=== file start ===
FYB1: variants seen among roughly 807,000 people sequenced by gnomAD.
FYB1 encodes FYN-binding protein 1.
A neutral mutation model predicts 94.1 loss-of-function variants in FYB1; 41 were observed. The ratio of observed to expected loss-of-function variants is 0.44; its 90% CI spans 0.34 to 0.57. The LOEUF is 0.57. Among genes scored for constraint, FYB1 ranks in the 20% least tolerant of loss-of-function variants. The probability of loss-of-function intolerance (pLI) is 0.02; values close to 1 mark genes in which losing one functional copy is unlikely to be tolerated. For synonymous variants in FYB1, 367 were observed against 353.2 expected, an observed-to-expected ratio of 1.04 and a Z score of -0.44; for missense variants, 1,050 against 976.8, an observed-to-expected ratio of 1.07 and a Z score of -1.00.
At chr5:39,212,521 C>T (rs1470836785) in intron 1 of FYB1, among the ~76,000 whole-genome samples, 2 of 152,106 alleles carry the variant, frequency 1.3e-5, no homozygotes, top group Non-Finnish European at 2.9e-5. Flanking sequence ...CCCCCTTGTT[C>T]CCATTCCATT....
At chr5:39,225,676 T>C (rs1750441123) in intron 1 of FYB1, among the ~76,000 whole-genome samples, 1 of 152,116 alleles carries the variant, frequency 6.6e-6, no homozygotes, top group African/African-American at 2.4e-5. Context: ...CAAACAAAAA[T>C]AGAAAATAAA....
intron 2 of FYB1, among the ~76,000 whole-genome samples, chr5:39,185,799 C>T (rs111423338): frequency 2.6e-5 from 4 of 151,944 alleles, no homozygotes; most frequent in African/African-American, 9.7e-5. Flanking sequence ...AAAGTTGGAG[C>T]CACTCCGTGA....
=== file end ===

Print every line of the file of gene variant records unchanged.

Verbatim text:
FYB1: variants seen among roughly 807,000 people sequenced by gnomAD.
FYB1 encodes FYN-binding protein 1.
A neutral mutation model predicts 94.1 loss-of-function variants in FYB1; 41 were observed. The ratio of observed to expected loss-of-function variants is 0.44; its 90% CI spans 0.34 to 0.57. The LOEUF is 0.57. Among genes scored for constraint, FYB1 ranks in the 20% least tolerant of loss-of-function variants. The probability of loss-of-function intolerance (pLI) is 0.02; values close to 1 mark genes in which losing one functional copy is unlikely to be tolerated. For synonymous variants in FYB1, 367 were observed against 353.2 expected, an observed-to-expected ratio of 1.04 and a Z score of -0.44; for missense variants, 1,050 against 976.8, an observed-to-expected ratio of 1.07 and a Z score of -1.00.
At chr5:39,212,521 C>T (rs1470836785) in intron 1 of FYB1, among the ~76,000 whole-genome samples, 2 of 152,106 alleles carry the variant, frequency 1.3e-5, no homozygotes, top group Non-Finnish European at 2.9e-5. Flanking sequence ...CCCCCTTGTT[C>T]CCATTCCATT....
At chr5:39,225,676 T>C (rs1750441123) in intron 1 of FYB1, among the ~76,000 whole-genome samples, 1 of 152,116 alleles carries the variant, frequency 6.6e-6, no homozygotes, top group African/African-American at 2.4e-5. Context: ...CAAACAAAAA[T>C]AGAAAATAAA....
intron 2 of FYB1, among the ~76,000 whole-genome samples, chr5:39,185,799 C>T (rs111423338): frequency 2.6e-5 from 4 of 151,944 alleles, no homozygotes; most frequent in African/African-American, 9.7e-5. Flanking sequence ...AAAGTTGGAG[C>T]CACTCCGTGA....